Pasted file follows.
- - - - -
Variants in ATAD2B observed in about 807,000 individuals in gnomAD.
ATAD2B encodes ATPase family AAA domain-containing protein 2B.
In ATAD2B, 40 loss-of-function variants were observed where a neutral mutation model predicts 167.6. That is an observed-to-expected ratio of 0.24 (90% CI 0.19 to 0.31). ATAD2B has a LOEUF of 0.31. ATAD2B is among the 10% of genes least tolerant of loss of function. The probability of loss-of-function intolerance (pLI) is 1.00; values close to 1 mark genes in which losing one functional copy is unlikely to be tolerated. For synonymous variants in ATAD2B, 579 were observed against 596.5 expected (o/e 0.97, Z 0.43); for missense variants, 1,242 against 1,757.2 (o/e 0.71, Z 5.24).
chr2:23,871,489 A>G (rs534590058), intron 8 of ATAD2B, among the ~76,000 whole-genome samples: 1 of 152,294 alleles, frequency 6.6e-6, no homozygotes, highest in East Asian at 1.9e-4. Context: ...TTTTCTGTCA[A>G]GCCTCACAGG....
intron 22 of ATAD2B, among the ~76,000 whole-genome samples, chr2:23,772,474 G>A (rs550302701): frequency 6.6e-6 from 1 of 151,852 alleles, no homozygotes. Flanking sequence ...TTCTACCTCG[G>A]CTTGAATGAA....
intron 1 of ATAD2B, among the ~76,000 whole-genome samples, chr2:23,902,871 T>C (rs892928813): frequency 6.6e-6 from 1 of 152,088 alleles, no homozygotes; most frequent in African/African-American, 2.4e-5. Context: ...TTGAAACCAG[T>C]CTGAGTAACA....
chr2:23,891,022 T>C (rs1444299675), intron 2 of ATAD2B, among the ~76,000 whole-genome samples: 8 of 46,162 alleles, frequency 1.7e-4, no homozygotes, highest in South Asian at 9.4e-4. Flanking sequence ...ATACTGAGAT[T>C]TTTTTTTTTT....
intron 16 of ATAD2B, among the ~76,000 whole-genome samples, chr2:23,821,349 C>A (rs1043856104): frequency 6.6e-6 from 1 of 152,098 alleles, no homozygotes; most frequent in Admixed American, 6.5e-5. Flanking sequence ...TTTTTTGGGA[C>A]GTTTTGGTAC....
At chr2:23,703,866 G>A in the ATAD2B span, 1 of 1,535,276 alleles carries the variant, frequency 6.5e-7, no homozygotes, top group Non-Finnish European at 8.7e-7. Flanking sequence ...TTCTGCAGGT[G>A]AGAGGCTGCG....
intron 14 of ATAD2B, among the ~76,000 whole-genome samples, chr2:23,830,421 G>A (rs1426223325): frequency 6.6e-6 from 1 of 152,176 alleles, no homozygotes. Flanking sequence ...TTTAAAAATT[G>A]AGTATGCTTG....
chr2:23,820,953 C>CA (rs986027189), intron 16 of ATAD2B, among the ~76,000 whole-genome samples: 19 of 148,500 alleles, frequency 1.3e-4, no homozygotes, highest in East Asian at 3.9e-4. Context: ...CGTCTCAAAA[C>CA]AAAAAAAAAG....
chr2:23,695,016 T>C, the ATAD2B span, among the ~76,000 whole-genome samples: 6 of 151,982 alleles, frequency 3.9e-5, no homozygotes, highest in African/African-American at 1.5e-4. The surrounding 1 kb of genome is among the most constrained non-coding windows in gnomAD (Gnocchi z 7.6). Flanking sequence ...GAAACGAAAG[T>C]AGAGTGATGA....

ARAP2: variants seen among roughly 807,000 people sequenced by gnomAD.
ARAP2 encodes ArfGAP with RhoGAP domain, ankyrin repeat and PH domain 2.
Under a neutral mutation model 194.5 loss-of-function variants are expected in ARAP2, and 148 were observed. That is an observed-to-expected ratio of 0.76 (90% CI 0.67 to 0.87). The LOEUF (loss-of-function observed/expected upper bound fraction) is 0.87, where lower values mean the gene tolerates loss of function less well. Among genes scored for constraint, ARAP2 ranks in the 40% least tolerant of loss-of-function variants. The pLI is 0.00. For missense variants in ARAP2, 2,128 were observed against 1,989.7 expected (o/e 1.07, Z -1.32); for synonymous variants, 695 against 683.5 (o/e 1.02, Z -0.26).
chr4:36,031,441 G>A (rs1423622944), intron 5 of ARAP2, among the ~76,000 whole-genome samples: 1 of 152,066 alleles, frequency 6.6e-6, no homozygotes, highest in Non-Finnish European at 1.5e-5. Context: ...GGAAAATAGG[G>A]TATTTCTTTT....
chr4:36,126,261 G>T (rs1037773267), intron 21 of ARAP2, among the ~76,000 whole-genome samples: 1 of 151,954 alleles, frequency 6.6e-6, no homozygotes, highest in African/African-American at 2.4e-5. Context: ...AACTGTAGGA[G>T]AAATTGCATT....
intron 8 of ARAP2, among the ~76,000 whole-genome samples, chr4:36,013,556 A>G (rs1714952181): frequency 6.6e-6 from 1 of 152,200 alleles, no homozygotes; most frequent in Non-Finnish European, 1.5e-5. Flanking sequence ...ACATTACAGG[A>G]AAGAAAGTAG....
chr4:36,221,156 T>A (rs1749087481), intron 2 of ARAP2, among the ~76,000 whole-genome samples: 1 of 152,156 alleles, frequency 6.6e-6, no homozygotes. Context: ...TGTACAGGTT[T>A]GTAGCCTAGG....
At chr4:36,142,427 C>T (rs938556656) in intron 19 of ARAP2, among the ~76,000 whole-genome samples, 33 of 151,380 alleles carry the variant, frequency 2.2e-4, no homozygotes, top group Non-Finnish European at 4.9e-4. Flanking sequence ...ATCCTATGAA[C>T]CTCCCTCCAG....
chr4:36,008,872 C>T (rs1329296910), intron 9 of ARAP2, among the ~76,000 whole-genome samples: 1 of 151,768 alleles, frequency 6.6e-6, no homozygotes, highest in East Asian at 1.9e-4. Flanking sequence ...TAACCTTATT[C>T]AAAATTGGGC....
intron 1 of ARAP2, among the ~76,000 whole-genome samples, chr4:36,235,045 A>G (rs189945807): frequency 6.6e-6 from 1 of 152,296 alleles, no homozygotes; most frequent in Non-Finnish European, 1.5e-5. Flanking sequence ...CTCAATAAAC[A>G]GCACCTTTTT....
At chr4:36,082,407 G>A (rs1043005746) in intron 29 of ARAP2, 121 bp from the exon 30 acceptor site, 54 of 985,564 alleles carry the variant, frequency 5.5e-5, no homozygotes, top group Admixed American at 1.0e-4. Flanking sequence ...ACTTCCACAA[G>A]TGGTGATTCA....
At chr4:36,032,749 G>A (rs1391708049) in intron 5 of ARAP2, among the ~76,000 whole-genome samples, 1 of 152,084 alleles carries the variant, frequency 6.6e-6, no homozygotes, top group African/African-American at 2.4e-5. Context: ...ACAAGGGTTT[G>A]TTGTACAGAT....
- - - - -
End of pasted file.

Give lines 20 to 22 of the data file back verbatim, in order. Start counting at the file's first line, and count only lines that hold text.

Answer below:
At chr4:36,142,427 C>T (rs938556656) in intron 19 of ARAP2, among the ~76,000 whole-genome samples, 33 of 151,380 alleles carry the variant, frequency 2.2e-4, no homozygotes, top group Non-Finnish European at 4.9e-4. Flanking sequence ...ATCCTATGAA[C>T]CTCCCTCCAG....
chr4:36,008,872 C>T (rs1329296910), intron 9 of ARAP2, among the ~76,000 whole-genome samples: 1 of 151,768 alleles, frequency 6.6e-6, no homozygotes, highest in East Asian at 1.9e-4. Flanking sequence ...TAACCTTATT[C>T]AAAATTGGGC....
intron 1 of ARAP2, among the ~76,000 whole-genome samples, chr4:36,235,045 A>G (rs189945807): frequency 6.6e-6 from 1 of 152,296 alleles, no homozygotes; most frequent in Non-Finnish European, 1.5e-5. Flanking sequence ...CTCAATAAAC[A>G]GCACCTTTTT....